Postal officials pitched the idea of creating a “forever stamp” that would be good for sending first-class mail no matter how much — or how often — the cost of a postage stamp goes up. The announcement came on the same day that the Postal Service said it would seek to raise the price of a first-class stamp for the second consecutive year.
The forever stamp, which would cost the same as a first-class stamp, would provide a hedge against future postal rate increases and end the search for 2- or 3-cent stamps that usually follows a price increase…
Consumers could squirrel away forever stamps for months or years; they essentially would gain value every time rates increase… The cost of a first-class stamp has gone up 13 times since 1974, when the price was raised from 8 cents to a dime. Kearney said rate increases soon could become an annual affair. [WaPo]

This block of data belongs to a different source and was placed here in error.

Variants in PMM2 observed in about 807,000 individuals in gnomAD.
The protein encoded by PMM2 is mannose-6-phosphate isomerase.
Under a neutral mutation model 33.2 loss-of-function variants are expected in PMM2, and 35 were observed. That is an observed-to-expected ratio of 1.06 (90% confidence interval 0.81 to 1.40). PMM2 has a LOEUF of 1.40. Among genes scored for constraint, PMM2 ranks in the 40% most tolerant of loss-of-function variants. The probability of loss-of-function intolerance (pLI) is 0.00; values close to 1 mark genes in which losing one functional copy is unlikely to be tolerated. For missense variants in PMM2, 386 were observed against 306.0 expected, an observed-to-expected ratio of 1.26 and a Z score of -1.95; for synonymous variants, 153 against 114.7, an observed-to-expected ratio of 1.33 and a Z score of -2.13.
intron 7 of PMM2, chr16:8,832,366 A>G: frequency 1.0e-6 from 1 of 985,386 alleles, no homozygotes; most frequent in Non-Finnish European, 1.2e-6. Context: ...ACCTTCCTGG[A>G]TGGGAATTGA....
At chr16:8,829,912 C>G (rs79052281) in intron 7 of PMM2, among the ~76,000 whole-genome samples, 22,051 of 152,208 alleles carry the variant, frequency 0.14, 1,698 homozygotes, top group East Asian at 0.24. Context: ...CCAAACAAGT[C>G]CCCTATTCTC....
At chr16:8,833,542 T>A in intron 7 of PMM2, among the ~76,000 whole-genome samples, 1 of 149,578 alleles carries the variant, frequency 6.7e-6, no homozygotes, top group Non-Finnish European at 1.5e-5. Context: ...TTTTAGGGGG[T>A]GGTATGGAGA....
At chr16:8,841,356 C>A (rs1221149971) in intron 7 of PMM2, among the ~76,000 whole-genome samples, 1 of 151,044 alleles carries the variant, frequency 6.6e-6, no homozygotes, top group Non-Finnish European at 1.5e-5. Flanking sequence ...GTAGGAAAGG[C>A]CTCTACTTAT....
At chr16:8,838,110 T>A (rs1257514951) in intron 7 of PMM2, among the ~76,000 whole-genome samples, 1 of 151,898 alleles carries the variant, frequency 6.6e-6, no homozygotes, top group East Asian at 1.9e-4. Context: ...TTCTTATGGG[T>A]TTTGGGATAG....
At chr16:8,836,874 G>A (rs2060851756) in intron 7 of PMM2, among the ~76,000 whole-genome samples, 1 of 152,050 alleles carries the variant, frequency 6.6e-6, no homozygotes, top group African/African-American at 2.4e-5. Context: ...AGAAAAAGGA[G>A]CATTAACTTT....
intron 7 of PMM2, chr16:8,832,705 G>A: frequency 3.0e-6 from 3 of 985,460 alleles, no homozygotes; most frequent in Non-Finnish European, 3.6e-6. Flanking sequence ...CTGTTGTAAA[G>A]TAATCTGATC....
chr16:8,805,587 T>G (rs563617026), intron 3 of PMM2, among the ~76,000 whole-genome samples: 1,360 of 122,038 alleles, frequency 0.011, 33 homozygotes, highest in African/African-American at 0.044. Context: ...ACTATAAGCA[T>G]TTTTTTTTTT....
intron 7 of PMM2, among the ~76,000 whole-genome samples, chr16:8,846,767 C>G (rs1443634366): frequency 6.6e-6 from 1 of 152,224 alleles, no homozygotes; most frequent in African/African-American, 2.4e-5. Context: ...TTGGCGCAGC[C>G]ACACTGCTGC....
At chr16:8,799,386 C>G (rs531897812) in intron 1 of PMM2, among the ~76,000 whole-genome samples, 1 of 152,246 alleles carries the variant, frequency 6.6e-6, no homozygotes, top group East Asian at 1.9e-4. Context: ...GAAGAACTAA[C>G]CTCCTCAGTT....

The AP version of the story that I read in my local paper said that hoarding was not expected to occur.
Hoarding stamps (say, buying one million stamps now, and selling them after the next hike for a price slightly below that offered by the USPS) is profitable if the revenue exceeds the cost of storage and the opportunity cost of rates of return of other financial instruments.
If hoarding is not expected to be a problem, the USPS is saying that it expects future price hikes to be small relative to these costs. What other factors are relevant and what other information does the USPS reveal by saying it doesn’t fear stamp speculators?
David Andrew Taylor predicts fairly sizable stamp price increases in the next two years and estimates that the return on investment would be 7.7%!